At first, many of her male colleagues could not believe that “a modest-appearing, slightly built brunette with clear-cut features” might be such a brilliant advocate. But very soon she became a familiar figure in the Courts, a well-known trial lawyer who won many difficult cases. “Mrs. Fall often devised and constructed mechanical contrivances, which made clear to judge and jury alike just how a certain accident happened,” the journalist admired.

Besides her intensive judicial work, Anna C. Fall also actively participated in Malden’s social life. Thus, in December 1893, Anna C. Fall was elected to the Malden School Committee and served for nine years.

Meanwhile, her husband, whom their daughter Emma later called the absent-minded professor, became a prominent political figure. In 1893, George H. Fall was elected a member of the Malden Common Council from Ward Three and was reelected for the two following years, serving for three years. Later he was elected to the state legislature. In 1911–12, he was a mayor of Malden. Anna supported her husband in his political career, whether it was in the city government or the state legislature. George’s political activities deepened her “keen interest in governmental affairs that always played an important part in her life.”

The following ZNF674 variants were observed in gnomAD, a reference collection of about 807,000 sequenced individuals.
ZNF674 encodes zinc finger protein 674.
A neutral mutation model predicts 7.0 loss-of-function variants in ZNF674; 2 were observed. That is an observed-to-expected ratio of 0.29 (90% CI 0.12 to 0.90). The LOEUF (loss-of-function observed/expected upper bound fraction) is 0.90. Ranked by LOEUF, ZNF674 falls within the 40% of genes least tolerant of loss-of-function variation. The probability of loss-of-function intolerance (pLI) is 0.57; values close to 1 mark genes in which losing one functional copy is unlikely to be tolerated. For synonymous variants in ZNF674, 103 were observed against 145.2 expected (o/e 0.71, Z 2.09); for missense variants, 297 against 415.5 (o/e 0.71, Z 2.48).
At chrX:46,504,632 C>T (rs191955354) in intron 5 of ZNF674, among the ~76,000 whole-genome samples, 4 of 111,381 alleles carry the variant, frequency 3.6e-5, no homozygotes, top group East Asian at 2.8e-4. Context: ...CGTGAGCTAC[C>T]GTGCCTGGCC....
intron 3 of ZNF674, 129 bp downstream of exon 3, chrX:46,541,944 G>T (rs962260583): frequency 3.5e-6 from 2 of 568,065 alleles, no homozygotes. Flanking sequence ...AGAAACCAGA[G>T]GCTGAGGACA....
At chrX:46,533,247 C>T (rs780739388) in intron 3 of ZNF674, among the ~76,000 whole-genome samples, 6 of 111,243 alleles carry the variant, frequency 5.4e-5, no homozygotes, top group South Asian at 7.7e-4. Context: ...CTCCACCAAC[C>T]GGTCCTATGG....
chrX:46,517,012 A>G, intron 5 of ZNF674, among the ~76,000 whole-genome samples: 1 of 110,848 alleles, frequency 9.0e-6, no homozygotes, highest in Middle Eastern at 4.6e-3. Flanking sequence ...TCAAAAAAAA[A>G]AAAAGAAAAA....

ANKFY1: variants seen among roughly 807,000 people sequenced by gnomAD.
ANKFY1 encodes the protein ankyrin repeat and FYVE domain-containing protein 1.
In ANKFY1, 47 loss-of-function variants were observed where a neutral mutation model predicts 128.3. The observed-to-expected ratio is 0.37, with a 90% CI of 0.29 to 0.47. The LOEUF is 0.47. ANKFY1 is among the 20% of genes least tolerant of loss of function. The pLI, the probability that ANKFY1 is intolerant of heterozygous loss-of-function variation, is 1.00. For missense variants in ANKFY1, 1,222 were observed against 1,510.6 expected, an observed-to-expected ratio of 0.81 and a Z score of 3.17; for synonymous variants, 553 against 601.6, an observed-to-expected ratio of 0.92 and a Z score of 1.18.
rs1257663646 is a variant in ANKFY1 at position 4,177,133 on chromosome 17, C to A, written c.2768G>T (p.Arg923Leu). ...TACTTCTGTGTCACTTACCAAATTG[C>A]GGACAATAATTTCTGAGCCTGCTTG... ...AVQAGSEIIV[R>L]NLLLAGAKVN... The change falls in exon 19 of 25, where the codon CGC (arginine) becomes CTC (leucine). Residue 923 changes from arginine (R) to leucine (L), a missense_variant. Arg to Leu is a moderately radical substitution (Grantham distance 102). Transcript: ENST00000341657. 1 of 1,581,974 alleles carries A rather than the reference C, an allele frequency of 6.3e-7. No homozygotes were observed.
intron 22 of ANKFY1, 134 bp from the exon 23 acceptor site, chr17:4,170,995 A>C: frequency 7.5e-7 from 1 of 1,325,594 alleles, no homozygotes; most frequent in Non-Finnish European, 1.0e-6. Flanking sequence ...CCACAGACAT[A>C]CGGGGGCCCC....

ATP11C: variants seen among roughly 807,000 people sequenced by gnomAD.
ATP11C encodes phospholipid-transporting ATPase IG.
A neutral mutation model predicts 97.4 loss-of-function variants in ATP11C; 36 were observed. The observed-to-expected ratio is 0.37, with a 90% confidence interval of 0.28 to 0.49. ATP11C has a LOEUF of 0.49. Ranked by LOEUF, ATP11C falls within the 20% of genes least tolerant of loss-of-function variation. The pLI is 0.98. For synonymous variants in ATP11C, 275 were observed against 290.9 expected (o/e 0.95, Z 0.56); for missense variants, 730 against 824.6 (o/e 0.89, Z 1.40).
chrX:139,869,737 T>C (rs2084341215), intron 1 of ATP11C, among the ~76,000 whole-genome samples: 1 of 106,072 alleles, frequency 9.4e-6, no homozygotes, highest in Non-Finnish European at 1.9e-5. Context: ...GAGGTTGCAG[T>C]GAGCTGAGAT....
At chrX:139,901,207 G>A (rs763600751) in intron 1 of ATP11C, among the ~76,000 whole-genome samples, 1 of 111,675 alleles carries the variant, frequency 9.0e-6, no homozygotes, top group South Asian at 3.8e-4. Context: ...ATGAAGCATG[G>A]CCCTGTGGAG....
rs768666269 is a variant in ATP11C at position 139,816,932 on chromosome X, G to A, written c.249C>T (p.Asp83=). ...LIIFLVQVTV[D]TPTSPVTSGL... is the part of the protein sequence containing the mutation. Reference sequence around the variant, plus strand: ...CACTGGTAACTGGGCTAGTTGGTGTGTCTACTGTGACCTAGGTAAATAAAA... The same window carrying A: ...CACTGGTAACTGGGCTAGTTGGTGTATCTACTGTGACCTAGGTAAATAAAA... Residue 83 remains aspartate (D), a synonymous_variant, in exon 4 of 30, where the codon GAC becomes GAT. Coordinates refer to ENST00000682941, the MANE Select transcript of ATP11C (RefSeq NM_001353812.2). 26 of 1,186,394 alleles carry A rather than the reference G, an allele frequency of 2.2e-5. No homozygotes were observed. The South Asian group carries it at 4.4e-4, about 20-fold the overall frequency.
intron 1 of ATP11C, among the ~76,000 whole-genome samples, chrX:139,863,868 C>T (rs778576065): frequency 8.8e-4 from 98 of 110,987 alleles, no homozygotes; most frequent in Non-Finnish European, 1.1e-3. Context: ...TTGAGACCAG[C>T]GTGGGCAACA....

Despite numerous duties at work and home, Anna Fall continued her literary work. Her daughter remembered that her father actively supported Anna’s aspirations: “My dear father, who was always so proud of my mother and her accomplishments, went to a great deal of trouble to locate copies of all her girlhood writings and to prepare a scrapbook containing them. All of his five children were delighted with the bulky volume. Mother wrote quite regularly for the ‘Youth’s Companion’ and the ‘Household’. The ‘Youth’s Companion’ was so very popular with young people in my early days. We enjoyed reading ‘Elizabeth’s Day in Court’, ‘Aunt Agatha’s Will in the Attic Trunk’, and similar stories written by my mother. The magazines generally paid $40.00 a story, a very generous amount in the early nineteen hundreds. How excited the Fall children were when the check arrived. Mother was always most generous with it. It was a fringe benefit, so to speak.”

Anna’s legal activities were closely intertwined with her literary creations. Her short novel “The Tragedy of a Widow’s Third” (1898) was based on a real case when a husband did not leave a will and his widow got only one-third of the husband’s estate according to the Massachusetts law. At the same time, if a wife died without a will and a child of the union had been born alive, the husband had the use of the whole of his wife’s real estate for life and with no child born alive, a life interest in 50%. Anna C. Fall’s writing talent combined with her professional analysis of her heroine’s misfortune eventually led to real legal changes.